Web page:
Local groups, volunteers collaborate to provide services, comfort to refugees from Afghanistan

PITTSBURGH — Hundreds of refugees from Afghanistan have received resettlement services and other assistance, thanks to the kindness and care of local organizations and volunteers.

“Resettlement is a very huge task,” said Ivonne Smith-Tapia, director of Refugee & Immigrant Services for Jewish Family and Community Services, or JFCS. “At the beginning, we are focusing on the most urgent needs: what families need as soon as they arrive. But our services don’t stop there.”

Between October 2021 through February of this year, the nonprofit organization has resettled 240 people from Afghanistan. Some refugees arrived with only the clothes on their back, forced to quickly flee when the United States withdrew troops from the nation, causing the Taliban to quickly regain control.

“Suddenly, overnight, everything was changed,” said Misaq Mohammadi, among the refugees assisted by JFCS.

Mohammadi, a former journalist, had been working for the president of Afghanistan at the time of the collapse. With the help of the United States government, he and his family safely arrived in the U.S. in September.

“It was the first time I was experiencing being homeless.”

After spending a couple of months at a camp in Virginia, he and his family ultimately landed in Pittsburgh, in the care of the JFCS.

“The resettlement agency, they really did a great job. And the services provided to the families ... was really helpful. It was like you got somebody to host you,” Mohammadi said.

“We cannot do this work alone,” Smith-Tapia said.

JFCS partnered with the Jewish Community Center and its Center for Loving Kindness. The center’s volunteers, called “UPstanders,” quickly learned to make the cuisine of Afghanistan, cooking meals for the refugees to provide comfort.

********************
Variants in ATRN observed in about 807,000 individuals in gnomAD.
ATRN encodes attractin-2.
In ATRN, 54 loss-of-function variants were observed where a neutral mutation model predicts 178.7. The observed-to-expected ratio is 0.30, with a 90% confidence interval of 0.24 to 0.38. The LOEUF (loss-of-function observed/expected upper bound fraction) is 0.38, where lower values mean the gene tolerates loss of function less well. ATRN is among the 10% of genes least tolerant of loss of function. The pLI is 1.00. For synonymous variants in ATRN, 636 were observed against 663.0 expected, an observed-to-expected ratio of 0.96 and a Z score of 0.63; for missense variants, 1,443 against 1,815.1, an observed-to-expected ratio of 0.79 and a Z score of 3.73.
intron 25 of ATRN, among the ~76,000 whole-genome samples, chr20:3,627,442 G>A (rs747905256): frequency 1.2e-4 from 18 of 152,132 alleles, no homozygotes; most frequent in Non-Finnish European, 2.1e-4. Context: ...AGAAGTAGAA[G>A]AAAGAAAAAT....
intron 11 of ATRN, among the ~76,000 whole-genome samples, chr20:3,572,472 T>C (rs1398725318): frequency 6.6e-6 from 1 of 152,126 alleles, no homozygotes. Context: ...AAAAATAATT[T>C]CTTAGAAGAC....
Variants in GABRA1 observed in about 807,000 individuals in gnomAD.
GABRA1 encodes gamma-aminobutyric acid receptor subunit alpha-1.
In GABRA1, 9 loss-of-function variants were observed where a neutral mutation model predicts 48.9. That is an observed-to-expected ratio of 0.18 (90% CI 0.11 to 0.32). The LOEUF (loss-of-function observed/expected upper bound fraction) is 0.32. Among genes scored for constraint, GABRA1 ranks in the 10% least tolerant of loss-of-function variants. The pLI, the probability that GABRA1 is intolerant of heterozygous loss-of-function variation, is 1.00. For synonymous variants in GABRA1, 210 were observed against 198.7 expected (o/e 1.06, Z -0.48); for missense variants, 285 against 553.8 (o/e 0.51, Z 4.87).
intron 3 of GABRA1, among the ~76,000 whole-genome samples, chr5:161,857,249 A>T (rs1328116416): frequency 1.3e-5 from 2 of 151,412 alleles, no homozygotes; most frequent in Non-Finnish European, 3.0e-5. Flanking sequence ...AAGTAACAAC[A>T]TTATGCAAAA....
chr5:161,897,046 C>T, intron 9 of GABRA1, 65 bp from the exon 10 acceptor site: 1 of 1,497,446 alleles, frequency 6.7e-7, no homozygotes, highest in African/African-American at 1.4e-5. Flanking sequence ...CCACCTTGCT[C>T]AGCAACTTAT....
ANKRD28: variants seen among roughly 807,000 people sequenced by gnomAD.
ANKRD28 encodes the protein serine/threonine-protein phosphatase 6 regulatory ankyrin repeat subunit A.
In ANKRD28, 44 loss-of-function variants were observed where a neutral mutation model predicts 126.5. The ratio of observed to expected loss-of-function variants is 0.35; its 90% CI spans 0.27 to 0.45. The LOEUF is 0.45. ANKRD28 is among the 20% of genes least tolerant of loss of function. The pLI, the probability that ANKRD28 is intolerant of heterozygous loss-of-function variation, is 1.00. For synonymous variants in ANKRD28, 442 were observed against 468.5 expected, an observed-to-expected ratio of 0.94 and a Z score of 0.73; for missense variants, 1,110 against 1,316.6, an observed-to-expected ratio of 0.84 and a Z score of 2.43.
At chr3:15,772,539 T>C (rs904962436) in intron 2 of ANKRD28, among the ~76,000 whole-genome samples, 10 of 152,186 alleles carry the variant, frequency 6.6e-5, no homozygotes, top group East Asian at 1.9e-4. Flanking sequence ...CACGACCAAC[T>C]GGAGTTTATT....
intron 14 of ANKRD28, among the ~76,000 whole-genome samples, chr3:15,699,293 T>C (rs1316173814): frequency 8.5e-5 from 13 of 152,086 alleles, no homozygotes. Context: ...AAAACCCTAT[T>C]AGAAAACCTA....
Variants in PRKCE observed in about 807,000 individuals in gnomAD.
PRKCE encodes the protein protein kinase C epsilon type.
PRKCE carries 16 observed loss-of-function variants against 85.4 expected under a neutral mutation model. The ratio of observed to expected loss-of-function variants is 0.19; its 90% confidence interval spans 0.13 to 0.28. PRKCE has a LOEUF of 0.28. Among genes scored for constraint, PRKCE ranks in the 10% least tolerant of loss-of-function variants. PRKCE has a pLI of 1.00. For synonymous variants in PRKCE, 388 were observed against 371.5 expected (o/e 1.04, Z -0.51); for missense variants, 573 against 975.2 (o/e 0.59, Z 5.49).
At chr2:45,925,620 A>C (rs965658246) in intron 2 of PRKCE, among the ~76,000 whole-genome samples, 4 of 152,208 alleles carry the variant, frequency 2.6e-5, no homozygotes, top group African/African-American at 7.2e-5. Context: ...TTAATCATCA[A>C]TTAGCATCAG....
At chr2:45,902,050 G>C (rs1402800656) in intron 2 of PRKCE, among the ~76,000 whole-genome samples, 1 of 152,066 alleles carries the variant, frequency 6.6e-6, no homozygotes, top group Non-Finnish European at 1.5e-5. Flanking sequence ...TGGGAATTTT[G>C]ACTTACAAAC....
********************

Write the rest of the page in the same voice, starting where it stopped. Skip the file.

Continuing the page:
“We all know what it feels like when you come home from a long trip: You want your comfort foods; you want what’s going to make you feel like you’re at home,” said UPstander Linda Simon.

The UPstanders, a group that compromised many ages, races and religions, met on three occasions to make at least 300 meals. On one occasion, the volunteers delivered the meals directly to the refugees.

“The smiles that you saw on their faces, it was so obvious that they were very touched and very happy to feel that we cared enough to make the effort,” said UPstander Lynn Zelenski.

Recipients were prioritized if considered vulnerable or without a means to cook for themselves.

Mohammadi was not among those who received the meals, but he told Channel 11 how significant and meaningful the gesture was.

“Food is at the center of the Afghan culture,” he said. “It was not only something to eat, it was a feeling of being ... welcome.”

Smith-Tapia said it has been touching to see how many people have come together to help our new neighbors.

“It wasn’t hard to recruit volunteers. It wasn’t hard to convince partners to join us in this effort. It wasn’t hard to say, ‘People are in need. They’re just arriving from Afghanistan, and they would like to have a meal ready for them to eat,’” she said.

For more information on becoming an UPstander, visit: https://jccpgh.org/upstander/

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